Amazon's bread-and-butter operating segments are AWS, Subscription Services, and Advertising Services.

A strong argument can be made that nothing is more important to Amazon's success than the continued growth of AWS. Enterprise cloud spending is still fairly early in its ramp-up phase, and by the quarter ended in March, AWS had surpassed $100 billion in annual run-rate sales. Because cloud service margins are substantially higher than those generated from online retail sales, AWS typically accounts for more than half of Amazon's operating revenue each year.

Subscription services is another fast-growing segment for the company. In April 2021, then-CEO Jeff Bezos announced that Amazon had surpassed 200 million global Prime subscribers. Not only is this figure likely to increase since the company acquired exclusive rights. Thursday Night Footballbut perks including free two-day shipping and access to the company's content library make it easy for Amazon to raise Prime subscription prices.

Finally, Amazon's ad services segment hasn't grown sales less than 20% a quarter in two years. Maintaining strong ad pricing power is easy when you attract more than 2 billion people to your site every month.

Image source: Getty Images.


Another AI Dow stock that billionaire investors have been buying since the start of the year is the semiconductor juggernaut. Intel (INTC -4.26%). Intel was added to the Dow in November 1999.

During the first quarter, six high-profile billionaires bought shares of Intel — seven, if you include the recently passed Jim Simons of Renaissance Technologies — including (total shares bought in parentheses):

  • Jeff Yass of Susquehanna International (4,836,516 shares);
  • Ken Griffin of Citadel Advisors (1,757,626 shares);
  • John Overdyke and David Siegel of Two Sigma Investments (1,345,269 shares);
  • Israel Englander of Millennium Management (413,507 shares);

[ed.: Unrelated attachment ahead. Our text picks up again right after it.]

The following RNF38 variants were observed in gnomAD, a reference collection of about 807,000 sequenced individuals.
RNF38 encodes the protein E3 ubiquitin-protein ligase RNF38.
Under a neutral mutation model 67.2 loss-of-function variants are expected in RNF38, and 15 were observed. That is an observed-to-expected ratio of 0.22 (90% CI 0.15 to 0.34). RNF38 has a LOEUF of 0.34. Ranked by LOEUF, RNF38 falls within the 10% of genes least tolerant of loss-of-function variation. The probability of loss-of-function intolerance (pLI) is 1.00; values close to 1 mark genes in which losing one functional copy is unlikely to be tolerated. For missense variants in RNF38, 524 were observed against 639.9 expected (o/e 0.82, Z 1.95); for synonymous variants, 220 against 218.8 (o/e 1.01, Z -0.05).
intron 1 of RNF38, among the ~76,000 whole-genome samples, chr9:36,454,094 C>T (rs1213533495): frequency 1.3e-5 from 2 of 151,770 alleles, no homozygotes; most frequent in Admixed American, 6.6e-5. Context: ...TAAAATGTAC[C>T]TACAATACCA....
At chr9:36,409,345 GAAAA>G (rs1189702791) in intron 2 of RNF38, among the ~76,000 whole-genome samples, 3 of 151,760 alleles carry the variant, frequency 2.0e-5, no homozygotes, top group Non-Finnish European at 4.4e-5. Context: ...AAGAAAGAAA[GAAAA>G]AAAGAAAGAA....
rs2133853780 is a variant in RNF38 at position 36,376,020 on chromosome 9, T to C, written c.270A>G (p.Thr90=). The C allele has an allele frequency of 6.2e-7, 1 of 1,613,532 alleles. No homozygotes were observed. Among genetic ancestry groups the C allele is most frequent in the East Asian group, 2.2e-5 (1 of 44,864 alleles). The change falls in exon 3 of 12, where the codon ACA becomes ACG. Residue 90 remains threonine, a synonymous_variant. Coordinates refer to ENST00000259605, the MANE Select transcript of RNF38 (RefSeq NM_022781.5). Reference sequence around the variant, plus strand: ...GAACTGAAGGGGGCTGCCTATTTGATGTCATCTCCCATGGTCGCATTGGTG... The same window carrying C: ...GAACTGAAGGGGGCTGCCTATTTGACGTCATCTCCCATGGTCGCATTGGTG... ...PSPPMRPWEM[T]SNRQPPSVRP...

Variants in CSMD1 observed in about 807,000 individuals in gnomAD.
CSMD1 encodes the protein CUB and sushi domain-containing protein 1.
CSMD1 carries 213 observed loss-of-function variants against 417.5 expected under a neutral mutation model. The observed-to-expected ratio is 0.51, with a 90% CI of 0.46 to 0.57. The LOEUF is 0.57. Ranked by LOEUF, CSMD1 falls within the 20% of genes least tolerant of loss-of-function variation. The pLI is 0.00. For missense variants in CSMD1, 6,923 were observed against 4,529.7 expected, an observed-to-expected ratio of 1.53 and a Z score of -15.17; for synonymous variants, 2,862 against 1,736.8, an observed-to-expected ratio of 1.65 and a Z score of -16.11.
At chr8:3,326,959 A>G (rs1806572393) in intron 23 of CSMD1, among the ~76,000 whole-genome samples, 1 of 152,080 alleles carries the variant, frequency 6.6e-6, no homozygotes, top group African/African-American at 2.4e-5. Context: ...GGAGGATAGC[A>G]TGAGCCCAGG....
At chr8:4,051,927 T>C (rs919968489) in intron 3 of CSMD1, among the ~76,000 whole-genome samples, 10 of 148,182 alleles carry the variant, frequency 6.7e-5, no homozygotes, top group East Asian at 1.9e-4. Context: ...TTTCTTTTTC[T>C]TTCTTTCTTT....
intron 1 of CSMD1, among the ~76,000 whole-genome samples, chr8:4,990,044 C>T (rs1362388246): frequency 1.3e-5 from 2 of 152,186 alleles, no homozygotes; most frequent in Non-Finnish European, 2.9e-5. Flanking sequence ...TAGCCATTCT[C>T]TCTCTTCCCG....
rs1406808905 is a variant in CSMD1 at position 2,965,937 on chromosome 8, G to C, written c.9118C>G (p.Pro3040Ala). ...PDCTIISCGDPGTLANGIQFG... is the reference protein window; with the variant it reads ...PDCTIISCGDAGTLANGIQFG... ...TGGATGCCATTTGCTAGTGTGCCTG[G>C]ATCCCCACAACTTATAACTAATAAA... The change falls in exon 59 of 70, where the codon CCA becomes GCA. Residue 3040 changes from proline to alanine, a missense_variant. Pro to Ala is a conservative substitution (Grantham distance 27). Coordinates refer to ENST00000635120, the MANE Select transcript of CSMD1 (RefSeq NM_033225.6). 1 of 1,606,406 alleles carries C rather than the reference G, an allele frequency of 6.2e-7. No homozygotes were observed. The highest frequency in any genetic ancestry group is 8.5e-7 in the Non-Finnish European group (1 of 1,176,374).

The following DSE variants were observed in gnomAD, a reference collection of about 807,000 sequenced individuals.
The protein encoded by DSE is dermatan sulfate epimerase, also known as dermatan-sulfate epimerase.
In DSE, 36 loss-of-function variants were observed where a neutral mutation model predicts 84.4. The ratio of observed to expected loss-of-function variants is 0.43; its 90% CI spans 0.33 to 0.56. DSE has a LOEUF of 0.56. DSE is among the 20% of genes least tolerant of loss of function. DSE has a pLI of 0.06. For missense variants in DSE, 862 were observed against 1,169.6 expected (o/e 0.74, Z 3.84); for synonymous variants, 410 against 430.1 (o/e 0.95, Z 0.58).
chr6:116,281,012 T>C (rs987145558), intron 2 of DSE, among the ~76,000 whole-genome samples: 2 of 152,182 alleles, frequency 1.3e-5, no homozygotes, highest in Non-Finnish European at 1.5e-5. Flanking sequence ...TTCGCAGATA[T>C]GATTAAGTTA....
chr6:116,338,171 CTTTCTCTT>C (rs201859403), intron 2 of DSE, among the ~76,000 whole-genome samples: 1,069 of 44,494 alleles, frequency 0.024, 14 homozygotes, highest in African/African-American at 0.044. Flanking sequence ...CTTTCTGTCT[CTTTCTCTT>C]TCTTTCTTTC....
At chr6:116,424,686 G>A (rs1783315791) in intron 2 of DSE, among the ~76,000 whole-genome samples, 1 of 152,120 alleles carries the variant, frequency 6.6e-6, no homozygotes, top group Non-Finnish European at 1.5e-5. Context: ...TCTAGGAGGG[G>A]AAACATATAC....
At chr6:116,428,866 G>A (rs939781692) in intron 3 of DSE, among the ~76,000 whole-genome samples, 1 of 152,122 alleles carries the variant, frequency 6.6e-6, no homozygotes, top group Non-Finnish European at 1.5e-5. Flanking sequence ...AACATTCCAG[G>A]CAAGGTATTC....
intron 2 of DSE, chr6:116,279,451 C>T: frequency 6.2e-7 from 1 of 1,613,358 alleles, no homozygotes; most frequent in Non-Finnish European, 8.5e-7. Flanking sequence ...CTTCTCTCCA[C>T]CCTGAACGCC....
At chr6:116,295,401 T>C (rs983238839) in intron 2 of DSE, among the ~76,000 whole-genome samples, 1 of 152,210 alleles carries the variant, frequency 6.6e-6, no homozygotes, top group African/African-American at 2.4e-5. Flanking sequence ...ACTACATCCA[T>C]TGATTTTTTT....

• Ray Dalio of Bridgewater Associates (411,473 shares);

While Intel is best known for legacy hardware like the central processing units (CPUs) used in its personal computers (PCs), it is a company that has AI at the forefront of its growth strategy. For example, Intel is adding AI optimizations to its latest developer tools, such as oneAPI and its deep learning OpenVINO toolkit, to help clients use its hardware to build, optimize, and optimize their AI solutions. And can help deploy.

Intel is also developing its Gaudi3 AI accelerator this year. Gaudi3 is a graphics processing unit (GPU) designed to be integrated with the existing infrastructure backbone of the AI ‚Äč‚Äčrevolution. Nvidia. AI-GPUs are effectively the “brains” that allow for faster computations in AI-accelerated data centers, and there has been a huge shortage of these chips for over a year.

Beyond its AI ambitions, the billionaire may be drawn to Intel as a bounceback candidate after a few years of weak PC sales. Despite losing some of its CPU market share in PCs and data centers to main rivals Advanced Micro Devices, Intel still holds the majority of CPU market share in these categories. Although these are no longer fast-growing segments, they provide ample operating cash flow that Intel can reuse in higher growth initiatives.

Besides AI, one of those “high growth initiatives” is its foundry services segment. Building its foundry operations from the ground up to mass production is an expensive process that currently weighs on Intel's bottom line. But by the end of the decade, new chip manufacturing facilities in Ohio and Germany have the potential to propel Intel to No. 2 in global foundry services share.

Finally, Intel's valuation may be compelling for billionaires. The Wall Street consensus calls for Intel to more than triple its earnings per share (EPS) from the reported $1.05 in 2023 to an estimated $3.47 by 2027. S&P 500With a top yield of -1.6%, Intel has a value proposition to offer its patient investors.